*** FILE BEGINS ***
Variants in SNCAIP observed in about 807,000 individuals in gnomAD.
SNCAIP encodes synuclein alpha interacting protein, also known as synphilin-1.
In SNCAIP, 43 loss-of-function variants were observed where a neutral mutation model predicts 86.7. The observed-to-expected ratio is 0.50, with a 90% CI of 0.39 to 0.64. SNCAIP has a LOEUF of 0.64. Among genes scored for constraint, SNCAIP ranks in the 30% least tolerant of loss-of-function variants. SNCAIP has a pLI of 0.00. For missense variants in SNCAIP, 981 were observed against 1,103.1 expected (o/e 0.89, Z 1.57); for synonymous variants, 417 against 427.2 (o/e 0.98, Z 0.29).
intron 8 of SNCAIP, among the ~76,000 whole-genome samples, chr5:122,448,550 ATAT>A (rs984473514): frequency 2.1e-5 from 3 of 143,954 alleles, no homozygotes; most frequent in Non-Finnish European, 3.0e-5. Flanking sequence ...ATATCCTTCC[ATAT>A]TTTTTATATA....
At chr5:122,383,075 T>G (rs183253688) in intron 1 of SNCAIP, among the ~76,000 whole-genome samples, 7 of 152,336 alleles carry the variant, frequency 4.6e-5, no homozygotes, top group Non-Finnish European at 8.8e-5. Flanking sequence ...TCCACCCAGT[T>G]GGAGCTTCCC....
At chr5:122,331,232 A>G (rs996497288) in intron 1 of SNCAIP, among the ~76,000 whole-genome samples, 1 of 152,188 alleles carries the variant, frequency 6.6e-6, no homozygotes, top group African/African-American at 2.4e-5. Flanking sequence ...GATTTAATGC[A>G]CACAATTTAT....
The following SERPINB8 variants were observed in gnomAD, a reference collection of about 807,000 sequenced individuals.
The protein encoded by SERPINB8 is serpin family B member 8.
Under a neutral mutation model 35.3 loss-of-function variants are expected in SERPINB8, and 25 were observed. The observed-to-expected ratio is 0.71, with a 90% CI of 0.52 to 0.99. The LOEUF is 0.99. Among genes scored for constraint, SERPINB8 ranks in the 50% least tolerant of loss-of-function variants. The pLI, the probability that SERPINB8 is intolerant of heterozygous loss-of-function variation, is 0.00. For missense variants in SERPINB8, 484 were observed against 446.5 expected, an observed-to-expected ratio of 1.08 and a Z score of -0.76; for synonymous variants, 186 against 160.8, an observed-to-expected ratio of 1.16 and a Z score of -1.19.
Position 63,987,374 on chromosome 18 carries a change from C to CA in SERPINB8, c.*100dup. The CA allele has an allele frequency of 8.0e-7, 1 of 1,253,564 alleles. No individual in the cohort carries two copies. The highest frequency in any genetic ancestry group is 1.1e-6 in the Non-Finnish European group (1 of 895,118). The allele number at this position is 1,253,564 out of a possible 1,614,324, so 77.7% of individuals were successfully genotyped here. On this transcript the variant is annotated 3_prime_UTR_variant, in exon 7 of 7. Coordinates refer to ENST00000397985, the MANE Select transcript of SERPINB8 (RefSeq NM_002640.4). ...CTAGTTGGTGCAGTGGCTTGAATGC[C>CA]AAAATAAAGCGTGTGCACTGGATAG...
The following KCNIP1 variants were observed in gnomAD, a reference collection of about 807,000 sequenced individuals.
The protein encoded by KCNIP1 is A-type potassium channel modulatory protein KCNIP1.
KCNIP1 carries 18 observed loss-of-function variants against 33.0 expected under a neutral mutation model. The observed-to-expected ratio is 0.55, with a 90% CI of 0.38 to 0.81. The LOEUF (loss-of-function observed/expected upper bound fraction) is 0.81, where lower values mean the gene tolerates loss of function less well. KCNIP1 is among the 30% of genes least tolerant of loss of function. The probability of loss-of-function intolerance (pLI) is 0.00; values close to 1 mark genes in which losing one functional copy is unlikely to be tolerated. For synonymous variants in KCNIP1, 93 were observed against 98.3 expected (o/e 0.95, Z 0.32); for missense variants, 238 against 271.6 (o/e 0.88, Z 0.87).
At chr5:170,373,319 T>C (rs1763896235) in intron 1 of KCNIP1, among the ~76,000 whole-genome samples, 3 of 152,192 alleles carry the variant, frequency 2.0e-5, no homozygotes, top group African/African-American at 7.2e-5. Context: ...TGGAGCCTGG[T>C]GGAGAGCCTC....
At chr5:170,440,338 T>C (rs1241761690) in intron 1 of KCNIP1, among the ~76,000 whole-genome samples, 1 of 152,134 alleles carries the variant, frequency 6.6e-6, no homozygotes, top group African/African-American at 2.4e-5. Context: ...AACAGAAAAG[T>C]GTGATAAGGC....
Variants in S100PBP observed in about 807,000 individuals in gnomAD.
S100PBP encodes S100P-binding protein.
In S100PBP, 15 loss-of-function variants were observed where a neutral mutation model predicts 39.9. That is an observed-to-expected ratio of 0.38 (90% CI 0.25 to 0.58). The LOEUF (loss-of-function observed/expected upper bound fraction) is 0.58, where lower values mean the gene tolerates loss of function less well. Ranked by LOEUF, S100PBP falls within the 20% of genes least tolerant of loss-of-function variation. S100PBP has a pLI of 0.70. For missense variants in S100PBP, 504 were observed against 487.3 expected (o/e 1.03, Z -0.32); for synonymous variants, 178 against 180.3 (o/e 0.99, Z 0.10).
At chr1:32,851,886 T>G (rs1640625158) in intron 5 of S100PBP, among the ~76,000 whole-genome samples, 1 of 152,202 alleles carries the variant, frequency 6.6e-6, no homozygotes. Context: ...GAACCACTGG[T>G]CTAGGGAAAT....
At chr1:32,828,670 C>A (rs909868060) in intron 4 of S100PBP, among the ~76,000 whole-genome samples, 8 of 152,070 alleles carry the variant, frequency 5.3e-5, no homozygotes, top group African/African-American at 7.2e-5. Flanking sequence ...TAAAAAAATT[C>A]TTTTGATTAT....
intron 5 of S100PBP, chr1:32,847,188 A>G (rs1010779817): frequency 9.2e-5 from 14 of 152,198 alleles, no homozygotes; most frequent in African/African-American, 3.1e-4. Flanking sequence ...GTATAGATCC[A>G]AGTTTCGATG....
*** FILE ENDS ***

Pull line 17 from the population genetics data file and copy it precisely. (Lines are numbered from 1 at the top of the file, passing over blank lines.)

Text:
S100PBP encodes S100P-binding protein.